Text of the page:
NBN Co reaches to ITU for satellite assurance

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NBN Co reaches to ITU for satellite assurance

Updated: Attempts to dislodge Coalition criticisms.

NBN Co has sought assurances from the International Telecommunications Union that it could still launch long-term satellites in 2015, despite currently lacking orbital slots for the craft.

The company said it had received advice overnight from the ITU that NBN Co's current bid to the ITU for the slots required to launch the two Ka-band satellites above Australia were in line with precedent.

"It is possible for a company to purchase a satellite in advance of it being put into use and the orbital slots being finalised," an NBN Co spokesman said in a statement, paraphrasing the ITU's advice.

"So long as there are no regional objections and the ITU registration process is underway an operator can proceed with its launch plans."

NBN Co and its chief executive Mike Quigley have sought to play down concerns raised by the Coalition this week that buying satellites without securing the orbital slots first is risky to the entire $2 billion project.

Should the coalition gain government before 2015, it is unlikely the long-term satellite component would be torn down due to the forward payments and $2 billion in contractual commitments NBN Co is expected to have signed by the 2013 election.

"It will be interesting to see how that debate progresses within the satellite industry," shadow communications minister Malcolm Turnbull said Wednesday.

"We've made some criticisms about the way they've gone about buying and building their own satellites... it's our job to hold the NBN Co to account and that's what I'm seeking diligently to do."

The satellites will ultimately provide broadband services to 200,000 premises or three percent of the Australian population as part of the NBN.

Slot fight

Though objections to NBN Co's slot bid had not been received to date, Quigley recently indicated some objections could be made by rival satellite operators.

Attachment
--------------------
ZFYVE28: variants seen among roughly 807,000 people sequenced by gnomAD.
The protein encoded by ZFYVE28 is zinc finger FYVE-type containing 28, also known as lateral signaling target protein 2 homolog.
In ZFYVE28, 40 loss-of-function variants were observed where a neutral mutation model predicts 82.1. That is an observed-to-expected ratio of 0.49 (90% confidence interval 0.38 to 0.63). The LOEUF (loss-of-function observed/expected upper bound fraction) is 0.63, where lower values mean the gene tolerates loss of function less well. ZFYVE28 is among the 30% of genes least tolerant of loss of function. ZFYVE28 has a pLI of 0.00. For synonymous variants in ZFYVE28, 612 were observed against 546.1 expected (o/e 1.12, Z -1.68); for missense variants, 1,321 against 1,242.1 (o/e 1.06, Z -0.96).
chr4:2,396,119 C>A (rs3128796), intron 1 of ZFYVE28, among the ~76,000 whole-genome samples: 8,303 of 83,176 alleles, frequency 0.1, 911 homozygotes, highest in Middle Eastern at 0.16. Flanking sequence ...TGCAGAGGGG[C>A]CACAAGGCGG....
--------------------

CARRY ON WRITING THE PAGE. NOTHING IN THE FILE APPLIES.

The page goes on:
They could include those companies who have sought to sell NBN Co their own, existing orbital slots above Australia.

NBN Co has been pursuing approval of the slots since August 2010 but the process could take several years and, should there be significant issues, could extend beyond the planned 2015 launch date of NBN Co's satellites.

NBN Co has taken advice from former Optus executives and ITU consultants to the Federal Government as part of its bid process.

According to NBN Co, the ITU said the local communications regulator - the ACMA - must first initialise registration procedures with the ITU and resolve any major compatibility issues with neighbouring satellites.

ACMA executive manager of communications infrastructure, Andrew Kerans, told iTnews the regulator had begun the process on behalf of NBN Co at the ITU level.

"Given the slots are in Ka band, coordination is easier than in lower bands and in my view there is every expectation of successful coordination through to launch," he said.

Updated 11.20am: Added further comment from Turnbull.

Updated 2.50pm: Added statement from ACMA.

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